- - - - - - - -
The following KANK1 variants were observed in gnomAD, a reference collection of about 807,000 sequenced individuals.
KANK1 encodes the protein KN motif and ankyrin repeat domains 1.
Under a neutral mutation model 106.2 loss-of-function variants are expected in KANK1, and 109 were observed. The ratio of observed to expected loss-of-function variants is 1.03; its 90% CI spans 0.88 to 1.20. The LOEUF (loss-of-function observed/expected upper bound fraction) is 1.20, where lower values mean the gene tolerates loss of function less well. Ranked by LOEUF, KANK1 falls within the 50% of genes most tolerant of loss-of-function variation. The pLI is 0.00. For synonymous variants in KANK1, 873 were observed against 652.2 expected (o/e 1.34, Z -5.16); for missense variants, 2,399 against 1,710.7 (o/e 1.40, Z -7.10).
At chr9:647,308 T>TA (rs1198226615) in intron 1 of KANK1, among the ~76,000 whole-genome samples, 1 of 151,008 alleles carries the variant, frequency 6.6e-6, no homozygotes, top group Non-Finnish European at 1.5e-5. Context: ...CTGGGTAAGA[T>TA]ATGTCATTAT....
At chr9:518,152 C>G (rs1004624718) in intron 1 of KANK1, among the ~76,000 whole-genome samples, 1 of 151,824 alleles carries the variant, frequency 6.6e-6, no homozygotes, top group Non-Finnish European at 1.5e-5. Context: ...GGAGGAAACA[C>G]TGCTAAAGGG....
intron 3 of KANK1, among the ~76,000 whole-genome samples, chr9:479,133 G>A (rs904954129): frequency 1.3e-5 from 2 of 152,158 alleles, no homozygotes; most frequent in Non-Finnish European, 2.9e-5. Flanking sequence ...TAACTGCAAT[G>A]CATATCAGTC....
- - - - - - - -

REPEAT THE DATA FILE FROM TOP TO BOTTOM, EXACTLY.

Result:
The following KANK1 variants were observed in gnomAD, a reference collection of about 807,000 sequenced individuals.
KANK1 encodes the protein KN motif and ankyrin repeat domains 1.
Under a neutral mutation model 106.2 loss-of-function variants are expected in KANK1, and 109 were observed. The ratio of observed to expected loss-of-function variants is 1.03; its 90% CI spans 0.88 to 1.20. The LOEUF (loss-of-function observed/expected upper bound fraction) is 1.20, where lower values mean the gene tolerates loss of function less well. Ranked by LOEUF, KANK1 falls within the 50% of genes most tolerant of loss-of-function variation. The pLI is 0.00. For synonymous variants in KANK1, 873 were observed against 652.2 expected (o/e 1.34, Z -5.16); for missense variants, 2,399 against 1,710.7 (o/e 1.40, Z -7.10).
At chr9:647,308 T>TA (rs1198226615) in intron 1 of KANK1, among the ~76,000 whole-genome samples, 1 of 151,008 alleles carries the variant, frequency 6.6e-6, no homozygotes, top group Non-Finnish European at 1.5e-5. Context: ...CTGGGTAAGA[T>TA]ATGTCATTAT....
At chr9:518,152 C>G (rs1004624718) in intron 1 of KANK1, among the ~76,000 whole-genome samples, 1 of 151,824 alleles carries the variant, frequency 6.6e-6, no homozygotes, top group Non-Finnish European at 1.5e-5. Context: ...GGAGGAAACA[C>G]TGCTAAAGGG....
intron 3 of KANK1, among the ~76,000 whole-genome samples, chr9:479,133 G>A (rs904954129): frequency 1.3e-5 from 2 of 152,158 alleles, no homozygotes; most frequent in Non-Finnish European, 2.9e-5. Flanking sequence ...TAACTGCAAT[G>A]CATATCAGTC....